“Why can’t we have both?”

Her eyes widened slightly.
Her head cocked back as she laughed.
“Oh!” she said, still chuckling. “There may be hope for you yet.”

He grinned and sipped his milk.

“I’ll do you one better than the story or the truth.”

He leaned in closer.

“I’m going to tell you what’s real.”

Chronoscope: K-Outland, Prologue


The word rolled off her tongue like silk and judgment.

He stared back, unblinking for a moment in the challenge.

“Why.” More statement than question.

You,” she pointed, “are scared. Actually scared, and I’ll spare no veracity on your account. It’s pretty cute.”

“So?” A shrug. He stuck his pipe back in his mouth, tugged at his cowboy hat.

The breeze brushed at her cloak, draped over the stone chair.

The white tabernacle sat in a small clearing, long unused, in the low woods near the coast.

Light played down soft between layers of leaves.

“I know what you’re gettin’ at.”

“Do you now.”

Her leathers creaked as she crossed her legs.

She uncrossed them.

“Never did like doing that.”

“You do realize what the stakes are. Game’s kinda changed there, little killer.”

“Yep. We were talkin’ about you. Why d’you think I went ronin?”

“’Cause you got scared?” A dry smirk. Perhaps a touch of admiration.

“Focus now, little killer. You want to see, or not?”

The card danced through her fingers.

Their horses, tethered a little ways off, pawed the earth as they ate.

“Why do we keep comin’ here?”

“Yeah, now you’re gonna get all existential on me. Have you seen that shit on the outskirts lately? Christ, humor me here.”

He laughed. “What the hell do we deserve? Ever figure that one out?”

She snapped her fingers, and small blue flames danced across the air past his head.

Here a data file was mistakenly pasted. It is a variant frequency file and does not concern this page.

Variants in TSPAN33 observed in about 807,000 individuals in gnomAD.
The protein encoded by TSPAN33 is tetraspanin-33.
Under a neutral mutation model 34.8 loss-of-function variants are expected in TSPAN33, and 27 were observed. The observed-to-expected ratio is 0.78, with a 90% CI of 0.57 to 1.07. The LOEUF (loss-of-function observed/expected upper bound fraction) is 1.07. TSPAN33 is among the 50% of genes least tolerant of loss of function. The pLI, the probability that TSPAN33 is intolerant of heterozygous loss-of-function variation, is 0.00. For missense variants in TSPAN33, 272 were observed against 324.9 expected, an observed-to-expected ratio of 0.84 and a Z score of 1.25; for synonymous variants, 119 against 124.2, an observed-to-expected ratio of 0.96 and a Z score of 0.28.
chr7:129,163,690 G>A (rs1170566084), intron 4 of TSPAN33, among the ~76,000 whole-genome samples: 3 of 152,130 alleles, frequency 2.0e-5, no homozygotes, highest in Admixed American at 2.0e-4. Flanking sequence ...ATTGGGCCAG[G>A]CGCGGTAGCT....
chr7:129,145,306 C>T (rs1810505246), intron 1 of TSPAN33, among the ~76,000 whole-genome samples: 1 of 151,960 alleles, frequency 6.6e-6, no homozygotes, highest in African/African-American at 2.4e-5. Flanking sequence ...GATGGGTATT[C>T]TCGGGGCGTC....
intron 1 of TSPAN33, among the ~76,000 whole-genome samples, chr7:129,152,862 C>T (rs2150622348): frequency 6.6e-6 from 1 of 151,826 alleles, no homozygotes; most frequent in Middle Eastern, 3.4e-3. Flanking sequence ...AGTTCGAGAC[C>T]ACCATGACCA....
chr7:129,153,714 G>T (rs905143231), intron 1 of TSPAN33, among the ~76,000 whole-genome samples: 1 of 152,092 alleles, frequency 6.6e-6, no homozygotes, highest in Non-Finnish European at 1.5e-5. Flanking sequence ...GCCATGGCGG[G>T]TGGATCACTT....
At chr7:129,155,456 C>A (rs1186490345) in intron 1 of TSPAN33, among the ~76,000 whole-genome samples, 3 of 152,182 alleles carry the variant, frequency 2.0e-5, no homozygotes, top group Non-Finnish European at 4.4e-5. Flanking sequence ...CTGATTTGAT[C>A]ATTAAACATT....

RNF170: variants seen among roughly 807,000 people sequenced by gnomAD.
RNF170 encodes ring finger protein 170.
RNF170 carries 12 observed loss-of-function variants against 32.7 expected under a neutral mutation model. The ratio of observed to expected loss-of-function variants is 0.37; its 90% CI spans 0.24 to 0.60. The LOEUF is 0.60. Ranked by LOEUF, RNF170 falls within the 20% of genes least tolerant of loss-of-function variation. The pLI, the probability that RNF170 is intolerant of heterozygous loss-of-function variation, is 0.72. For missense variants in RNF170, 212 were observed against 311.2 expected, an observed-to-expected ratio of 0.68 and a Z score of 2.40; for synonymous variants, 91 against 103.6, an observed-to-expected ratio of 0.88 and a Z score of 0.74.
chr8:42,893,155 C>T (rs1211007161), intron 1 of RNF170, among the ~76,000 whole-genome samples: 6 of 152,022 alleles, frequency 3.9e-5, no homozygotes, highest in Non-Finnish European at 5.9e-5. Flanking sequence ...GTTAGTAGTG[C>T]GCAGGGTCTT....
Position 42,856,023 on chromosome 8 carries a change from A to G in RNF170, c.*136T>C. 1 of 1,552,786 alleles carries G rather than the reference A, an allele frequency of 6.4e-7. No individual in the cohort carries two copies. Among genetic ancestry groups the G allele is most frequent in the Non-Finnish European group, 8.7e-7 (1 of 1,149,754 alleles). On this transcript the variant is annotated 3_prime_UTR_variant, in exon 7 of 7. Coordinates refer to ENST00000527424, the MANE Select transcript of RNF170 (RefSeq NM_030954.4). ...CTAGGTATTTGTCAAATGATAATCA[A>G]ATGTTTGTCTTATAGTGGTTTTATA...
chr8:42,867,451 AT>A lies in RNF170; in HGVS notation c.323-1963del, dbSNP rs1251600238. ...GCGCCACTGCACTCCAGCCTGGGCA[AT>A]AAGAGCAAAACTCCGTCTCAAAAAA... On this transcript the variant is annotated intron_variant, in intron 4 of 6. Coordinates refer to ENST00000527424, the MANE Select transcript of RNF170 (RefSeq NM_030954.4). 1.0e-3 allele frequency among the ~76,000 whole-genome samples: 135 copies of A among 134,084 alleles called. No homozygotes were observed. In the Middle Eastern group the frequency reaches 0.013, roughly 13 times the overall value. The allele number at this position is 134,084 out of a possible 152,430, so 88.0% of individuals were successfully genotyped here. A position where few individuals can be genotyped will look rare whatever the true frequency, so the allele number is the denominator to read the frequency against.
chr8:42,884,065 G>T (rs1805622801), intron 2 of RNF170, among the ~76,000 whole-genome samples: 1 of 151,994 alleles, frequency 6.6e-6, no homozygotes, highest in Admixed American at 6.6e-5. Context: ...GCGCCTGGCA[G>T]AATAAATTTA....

A bird sang through the sudden silence.

His eyes narrowed. “This hat’s a relic, y’know. 20 X. Probably get a couple bags of rice for it, if I had the desire.”

“Do you?” The dry smirk given in return.


“Have the… desire?”

“Just show me the—“ She slammed the card on the tabernacle.

“Knight of Wands.”

“Huh.” Like someone had just shown him an interesting rock.

Her eyebrow arched. “You know what this means?”

“I know it means any damn thing you want it to.” He tapped out his pipe, stowed it.

She stood. “It’s there for what you need, genius. Take it or leave it.” Started towards her horse.

He got up and debated following; she’d already thrown her saddle back on.

“Please. I’ve seen the face of God. He needed a shave. Next?”

He sighed, and followed to the horses.

She handed him the deck. “I’ve got more.”

He laughed quietly. “Somethin’ to remember you by?”

She tilted her head.

“You need objects for that?”

His arms found her, without warning, pulled her in.

Her hand twitched, in want of her gun.

Her breath caught, and the heat between them was a tangible thing.

“When you comin’ back to the Table?” he asked, softly.

Shrug. She let go and mounted up. “I dunno.” Her cloak didn’t hide her eyes.

He tied down his staff and got on.

She started to ride off.

“Hold on.”

She stopped. Tilted her head slightly.

“Hold on to what?”

“Just hold on. Ok?”

She turned, and nodded. Rode without looking back.

The air carried a faint mist with it through the sunlight. He took his pipe out, letting the horse take him in the general direction of his new destination.

He tamped it a few times before taking one long draw, and made little clouds in between the vernal air and the weight of everything else.